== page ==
FE: I do want to preserve commonsense psychology, but we need to be clear what we are preserving. In general, commonsense fixes on phenomena that impact our lives; it sets the preliminary agenda for science. But often it merely gestures at the phenomena and shouldn’t be taken too seriously as explanatory theory. This is true of commonsense psychology. It’s a loose collection of platitudes like ‘people tend to act out of their beliefs’ and ‘people tend to avoid what they don’t like’; hardly much of a theory, and certainly not ‘protoscience’.
The explanations of behaviour it provides are pretty shallow. It holds that our behaviour is caused by our beliefs and desires, which it identifies by their contents. My belief that it is raining and my belief that flights to Paris are really cheap right now cause different behaviours. But commonsense doesn’t tell us much more about the kind of thing beliefs really are. They may be sentences in the brain, though I doubt it. They may be more global properties of the subject, dependent on widely scattered areas of the nervous system. Commonsense just doesn’t care how beliefs and desires have their causal powers.
Fodor’s language of thought thesis – the idea that thinking is inner speech – goes well beyond commonsense psychology. It aims to describe the internal processes that produce behavior. There isn’t much empirical support for this view. It’s a very elegant picture – it’s the way that god, unencumbered by any real-world constraints, might have designed minds – but it’s not likely to be the way that minds developed naturally, as a product of evolution, in fits and starts.
3:AM: The idea of the mind as a computer raises the question of how we can get meaning from a system that presumes to operate only on the formal, non-semantic properties over which they are defined. If this is a genuine problem then doesn’t folk psychology get eliminated? Is it a genuine issue?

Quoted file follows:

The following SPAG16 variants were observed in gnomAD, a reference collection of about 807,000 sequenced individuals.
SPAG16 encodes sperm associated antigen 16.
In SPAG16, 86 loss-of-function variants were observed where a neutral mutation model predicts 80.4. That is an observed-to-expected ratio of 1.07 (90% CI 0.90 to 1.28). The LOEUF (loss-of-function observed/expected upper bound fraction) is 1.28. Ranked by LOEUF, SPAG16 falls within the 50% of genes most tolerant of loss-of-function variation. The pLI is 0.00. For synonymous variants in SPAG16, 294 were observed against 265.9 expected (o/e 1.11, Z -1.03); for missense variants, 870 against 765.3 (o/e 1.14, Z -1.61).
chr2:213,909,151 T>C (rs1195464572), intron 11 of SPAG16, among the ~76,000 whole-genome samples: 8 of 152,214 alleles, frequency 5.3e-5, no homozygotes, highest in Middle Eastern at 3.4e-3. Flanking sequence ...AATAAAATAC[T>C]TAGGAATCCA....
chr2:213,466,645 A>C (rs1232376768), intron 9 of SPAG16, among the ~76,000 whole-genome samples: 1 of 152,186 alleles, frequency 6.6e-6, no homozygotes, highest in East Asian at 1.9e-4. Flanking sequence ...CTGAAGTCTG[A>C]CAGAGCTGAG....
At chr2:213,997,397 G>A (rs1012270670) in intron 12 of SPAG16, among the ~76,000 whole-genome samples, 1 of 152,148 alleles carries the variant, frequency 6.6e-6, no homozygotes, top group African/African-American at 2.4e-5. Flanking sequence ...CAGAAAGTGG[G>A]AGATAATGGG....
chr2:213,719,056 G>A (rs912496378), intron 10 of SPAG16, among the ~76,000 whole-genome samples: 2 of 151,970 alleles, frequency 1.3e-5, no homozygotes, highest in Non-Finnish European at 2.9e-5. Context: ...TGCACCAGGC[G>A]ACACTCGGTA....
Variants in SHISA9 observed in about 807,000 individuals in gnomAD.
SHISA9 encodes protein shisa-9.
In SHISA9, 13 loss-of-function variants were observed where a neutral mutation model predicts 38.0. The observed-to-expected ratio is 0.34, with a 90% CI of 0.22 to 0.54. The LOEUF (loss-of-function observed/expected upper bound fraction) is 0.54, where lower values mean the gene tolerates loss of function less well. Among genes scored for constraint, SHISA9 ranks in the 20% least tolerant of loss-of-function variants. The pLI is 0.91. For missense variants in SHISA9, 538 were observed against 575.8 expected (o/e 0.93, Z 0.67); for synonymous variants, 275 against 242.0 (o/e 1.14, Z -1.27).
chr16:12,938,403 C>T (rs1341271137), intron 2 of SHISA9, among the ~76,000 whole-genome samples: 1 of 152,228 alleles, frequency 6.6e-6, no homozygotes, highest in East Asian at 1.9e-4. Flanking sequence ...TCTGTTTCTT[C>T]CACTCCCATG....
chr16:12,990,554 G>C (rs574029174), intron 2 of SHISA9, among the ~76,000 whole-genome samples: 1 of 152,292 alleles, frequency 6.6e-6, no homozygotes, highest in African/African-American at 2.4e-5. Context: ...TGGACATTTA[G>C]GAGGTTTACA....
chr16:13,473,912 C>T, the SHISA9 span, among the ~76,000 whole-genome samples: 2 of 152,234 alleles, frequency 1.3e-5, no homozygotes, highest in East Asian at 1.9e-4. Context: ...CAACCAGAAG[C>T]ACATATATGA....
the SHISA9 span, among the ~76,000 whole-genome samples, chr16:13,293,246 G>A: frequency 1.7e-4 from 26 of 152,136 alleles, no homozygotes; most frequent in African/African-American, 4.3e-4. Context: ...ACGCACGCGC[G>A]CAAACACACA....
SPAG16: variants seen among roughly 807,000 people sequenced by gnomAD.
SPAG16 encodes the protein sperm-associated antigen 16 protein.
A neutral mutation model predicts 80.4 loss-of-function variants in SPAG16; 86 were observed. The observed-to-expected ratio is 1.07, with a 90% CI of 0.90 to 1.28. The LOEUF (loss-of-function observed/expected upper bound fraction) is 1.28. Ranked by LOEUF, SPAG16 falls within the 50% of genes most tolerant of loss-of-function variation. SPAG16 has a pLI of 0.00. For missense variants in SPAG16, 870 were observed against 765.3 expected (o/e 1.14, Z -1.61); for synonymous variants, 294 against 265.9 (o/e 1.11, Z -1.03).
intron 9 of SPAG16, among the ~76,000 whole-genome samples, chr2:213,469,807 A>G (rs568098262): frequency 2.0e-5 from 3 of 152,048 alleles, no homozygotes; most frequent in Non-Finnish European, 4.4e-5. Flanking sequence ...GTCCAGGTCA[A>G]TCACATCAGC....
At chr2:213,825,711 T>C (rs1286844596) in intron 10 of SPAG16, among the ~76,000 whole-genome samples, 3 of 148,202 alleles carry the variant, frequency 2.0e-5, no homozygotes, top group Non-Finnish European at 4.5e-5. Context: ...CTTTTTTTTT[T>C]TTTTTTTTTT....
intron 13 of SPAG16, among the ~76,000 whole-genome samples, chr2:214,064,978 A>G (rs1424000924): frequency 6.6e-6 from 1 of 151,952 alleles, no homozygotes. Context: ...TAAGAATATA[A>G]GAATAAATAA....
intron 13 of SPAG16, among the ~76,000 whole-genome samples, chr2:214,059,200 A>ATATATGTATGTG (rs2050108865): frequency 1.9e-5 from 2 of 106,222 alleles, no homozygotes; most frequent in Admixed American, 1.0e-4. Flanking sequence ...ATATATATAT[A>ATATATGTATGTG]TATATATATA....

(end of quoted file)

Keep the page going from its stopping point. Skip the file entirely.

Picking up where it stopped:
FE: It is a genuine issue. We can’t expect to find meaning by looking at the mechanical processes that constitute the operations of the computer. Analogously, we can’t find meaning by looking at the electrical and chemical activity in our brains. But then how does meaning arise? How could a physical system (whether a computer or a human), located, as I am right now, in New Jersey, really have thoughts about Paris?
The answer must depend, in part, on how the system is situated in the world, on its relational properties, though specifying what these relations are, and how they confer meaning, is a hard problem. Folk psychology presumes that our mental states do have meaning – it presumes that I can genuinely have thoughts about Paris – but it has nothing to say about how this is possible, or whether computers could really have thoughts about Paris. So whatever the answer, it won’t be grounds for eliminating folk psychology.
3:AM: So is it your belief that folk psychology can’t impose significant constraints on any account of cognitive architecture? Wouldn’t that mean that no account of the mind need worry about folk psychology then? Threats of eliminativism are illusory?
FE: Yes, exactly. Of course, we might find out that many of our commonsense views about the mind are wrong. For example, research suggests that some of our actions are under less conscious control than we think. But no empirical research is going to show that mental states never cause behavior or that they can’t be evaluated as true or false. Folk psychology has nothing to say about what semantic evaluability amounts to.
The language of thought thesis claims that beliefs and desires are relations to sentences in the head, and sentences can be straightforwardly true or false, but folk psychology doesn’t itself require anything this neat. As I suggested earlier, it may turn out that the states that realise beliefs and desires are highly distributed in the brain, perhaps more accurately described as dispositions (like, for example, fragility), in other words, they may turn out not to be the kinds of things that can literally be true or false. That’s fine; whatever beliefs are, they will still be describable by content sentences which can be true or false, and that is enough to preserve folk psychology.
So my view is that folk psychology won’t be threatened by anything we are likely to discover about the mind. Of course, if it turned out that our behaviour is actually caused remotely by scientists on Mars, then folk psychology would be in trouble. I’m betting that won’t happen.